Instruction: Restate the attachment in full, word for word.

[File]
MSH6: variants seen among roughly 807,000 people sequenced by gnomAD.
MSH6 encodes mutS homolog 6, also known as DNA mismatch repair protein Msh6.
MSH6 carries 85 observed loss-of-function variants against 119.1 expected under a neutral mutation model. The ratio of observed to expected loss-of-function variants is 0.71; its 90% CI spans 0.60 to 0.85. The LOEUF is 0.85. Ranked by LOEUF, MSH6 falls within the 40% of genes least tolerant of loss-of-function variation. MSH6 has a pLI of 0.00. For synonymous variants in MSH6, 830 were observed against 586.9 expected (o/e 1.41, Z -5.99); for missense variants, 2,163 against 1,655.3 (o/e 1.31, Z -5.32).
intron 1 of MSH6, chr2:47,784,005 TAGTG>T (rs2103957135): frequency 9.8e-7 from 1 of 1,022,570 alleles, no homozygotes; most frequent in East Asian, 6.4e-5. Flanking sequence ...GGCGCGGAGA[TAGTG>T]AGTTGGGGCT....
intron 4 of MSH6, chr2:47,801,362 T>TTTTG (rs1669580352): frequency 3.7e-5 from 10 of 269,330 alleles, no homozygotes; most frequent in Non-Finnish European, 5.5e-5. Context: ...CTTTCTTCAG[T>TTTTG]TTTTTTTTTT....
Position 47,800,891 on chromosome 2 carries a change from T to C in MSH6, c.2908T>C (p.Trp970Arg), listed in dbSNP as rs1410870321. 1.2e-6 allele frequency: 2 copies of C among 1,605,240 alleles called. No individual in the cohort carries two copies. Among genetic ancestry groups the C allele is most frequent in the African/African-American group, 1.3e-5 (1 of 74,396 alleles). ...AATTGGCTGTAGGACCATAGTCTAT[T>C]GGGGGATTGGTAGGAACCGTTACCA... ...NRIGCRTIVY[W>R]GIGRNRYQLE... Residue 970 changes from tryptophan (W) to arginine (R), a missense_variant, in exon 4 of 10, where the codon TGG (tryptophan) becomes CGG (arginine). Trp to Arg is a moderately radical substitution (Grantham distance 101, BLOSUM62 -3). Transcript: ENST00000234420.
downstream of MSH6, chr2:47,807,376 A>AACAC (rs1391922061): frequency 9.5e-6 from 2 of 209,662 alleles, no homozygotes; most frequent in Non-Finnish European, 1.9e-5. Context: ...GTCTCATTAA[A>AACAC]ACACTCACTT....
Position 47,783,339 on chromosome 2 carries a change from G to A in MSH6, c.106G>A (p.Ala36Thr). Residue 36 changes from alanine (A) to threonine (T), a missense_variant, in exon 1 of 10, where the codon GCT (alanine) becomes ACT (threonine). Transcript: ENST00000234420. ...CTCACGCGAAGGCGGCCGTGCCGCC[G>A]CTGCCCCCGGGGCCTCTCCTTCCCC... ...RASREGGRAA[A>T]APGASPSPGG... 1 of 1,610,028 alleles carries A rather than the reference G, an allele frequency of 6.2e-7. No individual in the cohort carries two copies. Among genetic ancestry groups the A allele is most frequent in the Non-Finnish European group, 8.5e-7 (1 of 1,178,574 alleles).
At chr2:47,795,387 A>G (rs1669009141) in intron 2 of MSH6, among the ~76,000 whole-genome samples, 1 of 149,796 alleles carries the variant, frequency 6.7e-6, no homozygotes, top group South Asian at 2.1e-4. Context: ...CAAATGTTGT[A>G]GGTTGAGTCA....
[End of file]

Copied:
MSH6: variants seen among roughly 807,000 people sequenced by gnomAD.
MSH6 encodes mutS homolog 6, also known as DNA mismatch repair protein Msh6.
MSH6 carries 85 observed loss-of-function variants against 119.1 expected under a neutral mutation model. The ratio of observed to expected loss-of-function variants is 0.71; its 90% CI spans 0.60 to 0.85. The LOEUF is 0.85. Ranked by LOEUF, MSH6 falls within the 40% of genes least tolerant of loss-of-function variation. MSH6 has a pLI of 0.00. For synonymous variants in MSH6, 830 were observed against 586.9 expected (o/e 1.41, Z -5.99); for missense variants, 2,163 against 1,655.3 (o/e 1.31, Z -5.32).
intron 1 of MSH6, chr2:47,784,005 TAGTG>T (rs2103957135): frequency 9.8e-7 from 1 of 1,022,570 alleles, no homozygotes; most frequent in East Asian, 6.4e-5. Flanking sequence ...GGCGCGGAGA[TAGTG>T]AGTTGGGGCT....
intron 4 of MSH6, chr2:47,801,362 T>TTTTG (rs1669580352): frequency 3.7e-5 from 10 of 269,330 alleles, no homozygotes; most frequent in Non-Finnish European, 5.5e-5. Context: ...CTTTCTTCAG[T>TTTTG]TTTTTTTTTT....
Position 47,800,891 on chromosome 2 carries a change from T to C in MSH6, c.2908T>C (p.Trp970Arg), listed in dbSNP as rs1410870321. 1.2e-6 allele frequency: 2 copies of C among 1,605,240 alleles called. No individual in the cohort carries two copies. Among genetic ancestry groups the C allele is most frequent in the African/African-American group, 1.3e-5 (1 of 74,396 alleles). ...AATTGGCTGTAGGACCATAGTCTAT[T>C]GGGGGATTGGTAGGAACCGTTACCA... ...NRIGCRTIVY[W>R]GIGRNRYQLE... Residue 970 changes from tryptophan (W) to arginine (R), a missense_variant, in exon 4 of 10, where the codon TGG (tryptophan) becomes CGG (arginine). Trp to Arg is a moderately radical substitution (Grantham distance 101, BLOSUM62 -3). Transcript: ENST00000234420.
downstream of MSH6, chr2:47,807,376 A>AACAC (rs1391922061): frequency 9.5e-6 from 2 of 209,662 alleles, no homozygotes; most frequent in Non-Finnish European, 1.9e-5. Context: ...GTCTCATTAA[A>AACAC]ACACTCACTT....
Position 47,783,339 on chromosome 2 carries a change from G to A in MSH6, c.106G>A (p.Ala36Thr). Residue 36 changes from alanine (A) to threonine (T), a missense_variant, in exon 1 of 10, where the codon GCT (alanine) becomes ACT (threonine). Transcript: ENST00000234420. ...CTCACGCGAAGGCGGCCGTGCCGCC[G>A]CTGCCCCCGGGGCCTCTCCTTCCCC... ...RASREGGRAA[A>T]APGASPSPGG... 1 of 1,610,028 alleles carries A rather than the reference G, an allele frequency of 6.2e-7. No individual in the cohort carries two copies. Among genetic ancestry groups the A allele is most frequent in the Non-Finnish European group, 8.5e-7 (1 of 1,178,574 alleles).
At chr2:47,795,387 A>G (rs1669009141) in intron 2 of MSH6, among the ~76,000 whole-genome samples, 1 of 149,796 alleles carries the variant, frequency 6.7e-6, no homozygotes, top group South Asian at 2.1e-4. Context: ...CAAATGTTGT[A>G]GGTTGAGTCA....